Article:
Soviets, the 1985 world champions. ANGIE HERRON earned the other
U.S. rowing victory by winning the women's lightweight sculls with a
time of 7:53.05 (page 67).
HARNESS RACING -- LAUGHS ($23.80), driven by Buddy Gilmour, won
the Meadowlands Pace and $512,750 by a neck over Tucson Hanover. The
3-year-old covered the mile in 1:52 1/5.
HORSE RACING -- SUPER DIAMOND ($7.80), with Laffit Pincay Jr. in
the saddle, won the Hollywood Gold Cup for 3-year-olds at Hollywood
Park by 1 1/2 lengths over Alphabatim. Super Diamond covered the 1
1/4 miles in 2:00 2/5 to earn the winner's purse of $275,000.
LITTLE MISSOURI ($37.20), ridden by Jean-Luc Samyn, won the
Brooklyn Handicap and $168,900 at Belmont by three lengths over Roo
Art. Little Missouri's time for the 1 1/2 miles was 2:26 2/5.
MOTOR SPORTS -- BOBBY RAHAL, driving a March-Cosworth, won the
CART race for Indy Cars in Toronto by 2.25 seconds over Danny
Sullivan, also in a March- Cosworth. Rahal, who earned $73,546 for
the victory, averaged 87.414 mph on the 1.78-mile Canadian National
TIM RICHMOND, in a Chevrolet, nipped Rickey Rudd in a photo
finish to win the Pocono 500 in Long Pond, Pa. Richmond averaged
124.228 mph on the 2.5-mile Pocono International Speedway oval to
earn the $465,805 first prize.
TENNIS -- PAM SHRIVER defeated Lori McNeil 6-4, 6-2 to win the
Virginia Slims tournament in Newport, R.I., and the $30,000 first
MILEPOSTS -- ARRESTED: Four members of the New York Mets: reserve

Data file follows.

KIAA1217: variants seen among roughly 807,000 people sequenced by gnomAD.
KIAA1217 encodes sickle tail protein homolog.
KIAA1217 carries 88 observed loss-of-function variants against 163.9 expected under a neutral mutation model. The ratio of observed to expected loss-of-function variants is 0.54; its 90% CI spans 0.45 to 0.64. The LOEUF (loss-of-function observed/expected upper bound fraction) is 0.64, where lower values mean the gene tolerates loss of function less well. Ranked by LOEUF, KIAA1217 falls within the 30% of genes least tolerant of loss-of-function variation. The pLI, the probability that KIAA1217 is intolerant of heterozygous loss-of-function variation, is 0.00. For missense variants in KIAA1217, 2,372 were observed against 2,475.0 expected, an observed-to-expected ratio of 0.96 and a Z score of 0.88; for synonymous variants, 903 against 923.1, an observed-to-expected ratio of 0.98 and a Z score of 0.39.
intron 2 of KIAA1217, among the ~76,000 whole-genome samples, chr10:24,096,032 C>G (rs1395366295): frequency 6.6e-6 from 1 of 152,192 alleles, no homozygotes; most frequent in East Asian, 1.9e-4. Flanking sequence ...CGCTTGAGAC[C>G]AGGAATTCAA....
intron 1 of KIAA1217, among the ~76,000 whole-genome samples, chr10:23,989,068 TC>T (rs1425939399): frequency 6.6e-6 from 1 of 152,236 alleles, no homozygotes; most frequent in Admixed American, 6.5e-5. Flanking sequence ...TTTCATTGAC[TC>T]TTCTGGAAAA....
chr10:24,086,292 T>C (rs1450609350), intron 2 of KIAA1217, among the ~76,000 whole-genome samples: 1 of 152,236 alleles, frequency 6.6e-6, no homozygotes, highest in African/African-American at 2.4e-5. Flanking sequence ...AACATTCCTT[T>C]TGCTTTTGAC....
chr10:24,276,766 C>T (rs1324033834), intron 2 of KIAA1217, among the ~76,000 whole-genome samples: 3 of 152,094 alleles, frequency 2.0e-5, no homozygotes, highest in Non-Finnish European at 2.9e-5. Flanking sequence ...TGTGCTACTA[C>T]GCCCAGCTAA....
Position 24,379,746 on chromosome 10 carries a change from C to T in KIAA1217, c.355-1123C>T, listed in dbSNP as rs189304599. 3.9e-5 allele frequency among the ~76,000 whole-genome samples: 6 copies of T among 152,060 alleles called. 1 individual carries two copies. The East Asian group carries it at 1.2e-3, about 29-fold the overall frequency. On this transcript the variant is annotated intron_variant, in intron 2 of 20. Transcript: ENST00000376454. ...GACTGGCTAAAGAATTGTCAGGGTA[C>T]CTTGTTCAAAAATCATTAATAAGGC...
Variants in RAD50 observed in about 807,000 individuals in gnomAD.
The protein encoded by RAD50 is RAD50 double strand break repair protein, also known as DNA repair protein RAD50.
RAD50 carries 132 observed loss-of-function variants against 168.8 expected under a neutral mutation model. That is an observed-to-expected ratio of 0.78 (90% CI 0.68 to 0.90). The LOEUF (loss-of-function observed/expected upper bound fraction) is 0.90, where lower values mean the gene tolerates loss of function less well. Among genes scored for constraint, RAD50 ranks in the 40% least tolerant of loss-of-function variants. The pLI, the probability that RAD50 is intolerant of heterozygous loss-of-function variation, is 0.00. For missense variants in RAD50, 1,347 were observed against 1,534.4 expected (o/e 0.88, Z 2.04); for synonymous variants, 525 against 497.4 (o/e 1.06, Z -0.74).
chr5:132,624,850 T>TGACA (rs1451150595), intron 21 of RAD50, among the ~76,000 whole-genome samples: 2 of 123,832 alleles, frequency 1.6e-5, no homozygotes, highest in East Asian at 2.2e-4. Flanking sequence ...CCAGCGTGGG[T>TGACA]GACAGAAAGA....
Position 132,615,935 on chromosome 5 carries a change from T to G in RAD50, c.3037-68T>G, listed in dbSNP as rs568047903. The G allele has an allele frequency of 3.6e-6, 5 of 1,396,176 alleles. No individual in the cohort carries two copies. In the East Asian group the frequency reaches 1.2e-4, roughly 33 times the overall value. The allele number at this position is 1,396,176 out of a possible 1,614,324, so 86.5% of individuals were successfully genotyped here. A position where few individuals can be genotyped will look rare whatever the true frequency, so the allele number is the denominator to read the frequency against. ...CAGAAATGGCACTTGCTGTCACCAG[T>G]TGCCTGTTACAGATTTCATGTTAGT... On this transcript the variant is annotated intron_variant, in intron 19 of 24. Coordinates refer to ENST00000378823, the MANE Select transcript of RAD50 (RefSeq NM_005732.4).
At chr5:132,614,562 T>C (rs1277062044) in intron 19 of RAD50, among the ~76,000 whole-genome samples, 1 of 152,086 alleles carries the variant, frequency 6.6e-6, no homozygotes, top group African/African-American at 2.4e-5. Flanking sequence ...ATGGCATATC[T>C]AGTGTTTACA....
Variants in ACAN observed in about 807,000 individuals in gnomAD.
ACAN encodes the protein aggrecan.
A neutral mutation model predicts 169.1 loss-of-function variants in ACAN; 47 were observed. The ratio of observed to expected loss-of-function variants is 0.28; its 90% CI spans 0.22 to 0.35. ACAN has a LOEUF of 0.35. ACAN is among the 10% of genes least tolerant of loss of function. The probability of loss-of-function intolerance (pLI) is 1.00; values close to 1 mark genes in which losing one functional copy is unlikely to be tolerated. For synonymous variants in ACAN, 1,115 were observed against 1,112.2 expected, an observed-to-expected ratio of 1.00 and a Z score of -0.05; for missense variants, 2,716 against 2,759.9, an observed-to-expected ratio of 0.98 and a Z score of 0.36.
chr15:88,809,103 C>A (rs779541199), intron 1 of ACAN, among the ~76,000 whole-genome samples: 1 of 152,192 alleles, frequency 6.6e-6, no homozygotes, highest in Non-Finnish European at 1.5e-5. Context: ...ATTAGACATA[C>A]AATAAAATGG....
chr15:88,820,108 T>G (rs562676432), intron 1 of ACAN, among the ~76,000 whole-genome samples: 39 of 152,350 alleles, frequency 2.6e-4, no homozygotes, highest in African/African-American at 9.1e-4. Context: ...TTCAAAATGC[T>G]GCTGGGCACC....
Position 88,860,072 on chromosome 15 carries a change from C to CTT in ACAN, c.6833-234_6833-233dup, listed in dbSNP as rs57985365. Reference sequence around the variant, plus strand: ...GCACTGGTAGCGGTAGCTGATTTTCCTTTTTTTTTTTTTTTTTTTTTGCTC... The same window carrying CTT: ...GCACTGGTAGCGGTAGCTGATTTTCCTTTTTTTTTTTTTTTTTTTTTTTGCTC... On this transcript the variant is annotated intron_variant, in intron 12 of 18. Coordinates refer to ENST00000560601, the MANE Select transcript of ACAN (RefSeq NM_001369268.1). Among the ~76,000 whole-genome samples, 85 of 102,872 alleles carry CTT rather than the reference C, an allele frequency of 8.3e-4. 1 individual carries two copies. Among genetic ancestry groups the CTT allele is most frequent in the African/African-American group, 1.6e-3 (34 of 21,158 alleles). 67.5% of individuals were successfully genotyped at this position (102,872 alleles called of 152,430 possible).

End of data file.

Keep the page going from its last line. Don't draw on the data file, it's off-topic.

infielder TIM TEUFEL, 28, and pitchers RON DARLING, 25, RICK
AGUILERA, 24, and BOB OJEDA, 28; after an early-morning scuffle
with two uniformed, off-duty policemen outside a Houston nightclub on
July 19. Teufel and Darling were charged with aggravated assault on a
police officer, a felony, while Aguilera and Ojeda were charged with
interfering with an arrest, a misdemeanor.
REINSTATED: To amateur status by the International Amateur
Athletic Federation, RENALDO NEHEMIAH, 27, the world-record holder
(12.93) in the 110- meter hurdles. The IAAF's decision came after
Nehemiah pledged to give up his career in professional football.
Nehemiah had lost his amateur standing in 1982, when he signed to
play wide receiver for the San Francisco 49ers. He played sparingly,
catching 43 passes for 754 yards and 4 touchdowns in four seasons,
and was unable to reach agreement with the 49ers on a new contract
DIED: BILLY HAUGHTON, 62, one of the finest drivers and trainers
in harness racing history; 11 days after suffering massive brain
injuries in a three- horse spill at Yonkers Raceway on July 5.
Haughton, who was inducted into the Hall of Fame of the Trotter in
1968, won 4,910 races and $40.2 million in prize money during his
43-year career. Among his triumphs were four victories in the
Hambletonian, five in the Little Brown Jug and seven in the Messenger
Stakes (page 7).
JACOB (Buddy) BAER, 71, a 6 ft. 6 1/2 in., 250-pound heavyweight,
who was known as the Gentle Giant of boxing; in Martinez, Calif.
Although he had a 48-6 record -- including 43 victories by knockout
-- in his eight-year career, Baer labored in the shadow of his older
brother, Max, the heavyweight champion from 1934 to '35, who died in
1959. After he retired from boxing, Buddy Baer became a movie actor,
appearing in 17 films.
This is an article from the July 28, 1986 issue